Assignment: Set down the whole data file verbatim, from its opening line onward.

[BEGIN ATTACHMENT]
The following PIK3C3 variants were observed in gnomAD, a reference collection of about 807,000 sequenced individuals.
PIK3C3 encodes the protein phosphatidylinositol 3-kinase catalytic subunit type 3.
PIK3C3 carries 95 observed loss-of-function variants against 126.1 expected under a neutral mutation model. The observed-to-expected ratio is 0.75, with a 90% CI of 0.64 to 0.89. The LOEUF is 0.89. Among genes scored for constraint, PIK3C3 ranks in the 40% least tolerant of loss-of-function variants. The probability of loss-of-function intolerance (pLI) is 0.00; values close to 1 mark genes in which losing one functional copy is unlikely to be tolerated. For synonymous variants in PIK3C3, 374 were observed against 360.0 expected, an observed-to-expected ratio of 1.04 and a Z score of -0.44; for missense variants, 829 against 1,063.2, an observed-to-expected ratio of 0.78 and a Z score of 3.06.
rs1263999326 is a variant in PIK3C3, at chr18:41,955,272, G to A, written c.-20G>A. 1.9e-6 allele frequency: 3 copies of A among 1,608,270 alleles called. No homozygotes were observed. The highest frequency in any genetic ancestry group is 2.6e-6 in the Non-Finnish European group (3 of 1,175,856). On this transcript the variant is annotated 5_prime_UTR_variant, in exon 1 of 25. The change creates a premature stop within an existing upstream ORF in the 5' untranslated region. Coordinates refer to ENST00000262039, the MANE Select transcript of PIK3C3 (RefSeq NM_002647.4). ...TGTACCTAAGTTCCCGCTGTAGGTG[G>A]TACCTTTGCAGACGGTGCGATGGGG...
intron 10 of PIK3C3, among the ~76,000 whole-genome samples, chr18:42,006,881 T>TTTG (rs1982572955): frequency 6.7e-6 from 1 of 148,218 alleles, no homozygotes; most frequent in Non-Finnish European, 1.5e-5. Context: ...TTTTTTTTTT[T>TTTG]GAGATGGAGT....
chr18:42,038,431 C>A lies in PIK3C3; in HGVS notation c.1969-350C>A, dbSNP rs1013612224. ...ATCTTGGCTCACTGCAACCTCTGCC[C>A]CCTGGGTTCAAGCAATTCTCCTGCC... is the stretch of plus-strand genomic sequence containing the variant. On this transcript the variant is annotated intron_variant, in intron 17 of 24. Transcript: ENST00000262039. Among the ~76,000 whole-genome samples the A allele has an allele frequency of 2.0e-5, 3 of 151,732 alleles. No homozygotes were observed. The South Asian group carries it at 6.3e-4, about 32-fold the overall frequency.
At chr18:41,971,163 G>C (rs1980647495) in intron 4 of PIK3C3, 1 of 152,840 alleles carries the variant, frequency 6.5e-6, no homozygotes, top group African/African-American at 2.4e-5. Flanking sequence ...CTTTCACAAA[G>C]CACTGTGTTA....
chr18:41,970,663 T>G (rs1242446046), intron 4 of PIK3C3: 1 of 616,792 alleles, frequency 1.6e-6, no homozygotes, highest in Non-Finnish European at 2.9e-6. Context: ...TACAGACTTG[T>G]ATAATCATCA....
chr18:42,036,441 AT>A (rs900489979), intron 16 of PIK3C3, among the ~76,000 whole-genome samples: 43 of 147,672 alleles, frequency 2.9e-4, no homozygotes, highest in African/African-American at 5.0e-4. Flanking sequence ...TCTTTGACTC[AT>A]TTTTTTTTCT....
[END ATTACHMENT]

The following PIK3C3 variants were observed in gnomAD, a reference collection of about 807,000 sequenced individuals.
PIK3C3 encodes the protein phosphatidylinositol 3-kinase catalytic subunit type 3.
PIK3C3 carries 95 observed loss-of-function variants against 126.1 expected under a neutral mutation model. The observed-to-expected ratio is 0.75, with a 90% CI of 0.64 to 0.89. The LOEUF is 0.89. Among genes scored for constraint, PIK3C3 ranks in the 40% least tolerant of loss-of-function variants. The probability of loss-of-function intolerance (pLI) is 0.00; values close to 1 mark genes in which losing one functional copy is unlikely to be tolerated. For synonymous variants in PIK3C3, 374 were observed against 360.0 expected, an observed-to-expected ratio of 1.04 and a Z score of -0.44; for missense variants, 829 against 1,063.2, an observed-to-expected ratio of 0.78 and a Z score of 3.06.
rs1263999326 is a variant in PIK3C3, at chr18:41,955,272, G to A, written c.-20G>A. 1.9e-6 allele frequency: 3 copies of A among 1,608,270 alleles called. No homozygotes were observed. The highest frequency in any genetic ancestry group is 2.6e-6 in the Non-Finnish European group (3 of 1,175,856). On this transcript the variant is annotated 5_prime_UTR_variant, in exon 1 of 25. The change creates a premature stop within an existing upstream ORF in the 5' untranslated region. Coordinates refer to ENST00000262039, the MANE Select transcript of PIK3C3 (RefSeq NM_002647.4). ...TGTACCTAAGTTCCCGCTGTAGGTG[G>A]TACCTTTGCAGACGGTGCGATGGGG...
intron 10 of PIK3C3, among the ~76,000 whole-genome samples, chr18:42,006,881 T>TTTG (rs1982572955): frequency 6.7e-6 from 1 of 148,218 alleles, no homozygotes; most frequent in Non-Finnish European, 1.5e-5. Context: ...TTTTTTTTTT[T>TTTG]GAGATGGAGT....
chr18:42,038,431 C>A lies in PIK3C3; in HGVS notation c.1969-350C>A, dbSNP rs1013612224. ...ATCTTGGCTCACTGCAACCTCTGCC[C>A]CCTGGGTTCAAGCAATTCTCCTGCC... is the stretch of plus-strand genomic sequence containing the variant. On this transcript the variant is annotated intron_variant, in intron 17 of 24. Transcript: ENST00000262039. Among the ~76,000 whole-genome samples the A allele has an allele frequency of 2.0e-5, 3 of 151,732 alleles. No homozygotes were observed. The South Asian group carries it at 6.3e-4, about 32-fold the overall frequency.
At chr18:41,971,163 G>C (rs1980647495) in intron 4 of PIK3C3, 1 of 152,840 alleles carries the variant, frequency 6.5e-6, no homozygotes, top group African/African-American at 2.4e-5. Flanking sequence ...CTTTCACAAA[G>C]CACTGTGTTA....
chr18:41,970,663 T>G (rs1242446046), intron 4 of PIK3C3: 1 of 616,792 alleles, frequency 1.6e-6, no homozygotes, highest in Non-Finnish European at 2.9e-6. Context: ...TACAGACTTG[T>G]ATAATCATCA....
chr18:42,036,441 AT>A (rs900489979), intron 16 of PIK3C3, among the ~76,000 whole-genome samples: 43 of 147,672 alleles, frequency 2.9e-4, no homozygotes, highest in African/African-American at 5.0e-4. Flanking sequence ...TCTTTGACTC[AT>A]TTTTTTTTCT....